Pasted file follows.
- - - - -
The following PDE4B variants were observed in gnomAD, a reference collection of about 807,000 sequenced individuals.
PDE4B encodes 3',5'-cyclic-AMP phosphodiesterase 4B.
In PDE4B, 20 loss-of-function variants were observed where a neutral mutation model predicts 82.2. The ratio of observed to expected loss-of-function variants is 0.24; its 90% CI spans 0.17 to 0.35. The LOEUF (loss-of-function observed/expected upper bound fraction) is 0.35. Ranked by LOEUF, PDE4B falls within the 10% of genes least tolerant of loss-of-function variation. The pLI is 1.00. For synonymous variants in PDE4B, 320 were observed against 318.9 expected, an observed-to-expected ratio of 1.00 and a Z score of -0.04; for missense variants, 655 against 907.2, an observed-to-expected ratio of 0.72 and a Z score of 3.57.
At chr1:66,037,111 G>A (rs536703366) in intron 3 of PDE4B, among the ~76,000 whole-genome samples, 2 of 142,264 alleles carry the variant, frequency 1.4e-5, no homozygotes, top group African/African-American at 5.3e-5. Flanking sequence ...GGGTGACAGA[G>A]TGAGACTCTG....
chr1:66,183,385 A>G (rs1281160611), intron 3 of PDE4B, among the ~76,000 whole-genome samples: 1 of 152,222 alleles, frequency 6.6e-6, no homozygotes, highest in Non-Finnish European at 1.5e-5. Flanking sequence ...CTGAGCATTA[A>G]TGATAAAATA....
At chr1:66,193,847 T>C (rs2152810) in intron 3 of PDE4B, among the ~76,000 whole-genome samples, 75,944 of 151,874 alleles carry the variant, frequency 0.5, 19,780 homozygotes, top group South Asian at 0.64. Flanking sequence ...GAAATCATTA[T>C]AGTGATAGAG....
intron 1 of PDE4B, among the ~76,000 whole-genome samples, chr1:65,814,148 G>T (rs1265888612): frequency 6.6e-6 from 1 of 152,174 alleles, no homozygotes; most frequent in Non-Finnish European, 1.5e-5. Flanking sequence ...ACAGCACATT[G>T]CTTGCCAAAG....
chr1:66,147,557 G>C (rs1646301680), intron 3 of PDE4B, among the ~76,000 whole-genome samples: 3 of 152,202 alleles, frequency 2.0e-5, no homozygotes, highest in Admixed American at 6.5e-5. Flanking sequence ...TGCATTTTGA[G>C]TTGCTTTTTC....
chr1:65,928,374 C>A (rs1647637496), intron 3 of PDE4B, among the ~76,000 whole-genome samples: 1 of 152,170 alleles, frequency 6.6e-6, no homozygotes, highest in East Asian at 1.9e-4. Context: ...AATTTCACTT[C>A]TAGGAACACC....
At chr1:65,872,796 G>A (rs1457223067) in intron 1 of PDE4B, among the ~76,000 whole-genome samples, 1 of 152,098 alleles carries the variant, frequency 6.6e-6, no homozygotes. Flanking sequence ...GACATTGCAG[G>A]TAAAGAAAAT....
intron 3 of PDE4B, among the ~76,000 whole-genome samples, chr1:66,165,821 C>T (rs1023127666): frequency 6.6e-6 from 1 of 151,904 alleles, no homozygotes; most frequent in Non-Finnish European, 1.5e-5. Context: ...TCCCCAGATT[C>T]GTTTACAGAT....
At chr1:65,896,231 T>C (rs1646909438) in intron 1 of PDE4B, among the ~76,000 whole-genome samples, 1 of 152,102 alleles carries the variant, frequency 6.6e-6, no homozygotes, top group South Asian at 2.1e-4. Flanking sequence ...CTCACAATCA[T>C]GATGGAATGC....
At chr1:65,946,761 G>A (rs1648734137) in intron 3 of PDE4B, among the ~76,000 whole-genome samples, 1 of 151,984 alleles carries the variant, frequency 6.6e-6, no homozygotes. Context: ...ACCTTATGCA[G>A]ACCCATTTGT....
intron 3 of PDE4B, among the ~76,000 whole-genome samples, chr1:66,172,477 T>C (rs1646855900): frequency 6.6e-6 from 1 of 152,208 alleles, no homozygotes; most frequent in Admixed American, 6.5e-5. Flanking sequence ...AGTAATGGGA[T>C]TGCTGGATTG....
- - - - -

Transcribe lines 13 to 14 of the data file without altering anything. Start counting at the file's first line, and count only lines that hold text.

At chr1:65,946,761 G>A (rs1648734137) in intron 3 of PDE4B, among the ~76,000 whole-genome samples, 1 of 151,984 alleles carries the variant, frequency 6.6e-6, no homozygotes. Context: ...ACCTTATGCA[G>A]ACCCATTTGT....
intron 3 of PDE4B, among the ~76,000 whole-genome samples, chr1:66,172,477 T>C (rs1646855900): frequency 6.6e-6 from 1 of 152,208 alleles, no homozygotes; most frequent in Admixed American, 6.5e-5. Flanking sequence ...AGTAATGGGA[T>C]TGCTGGATTG....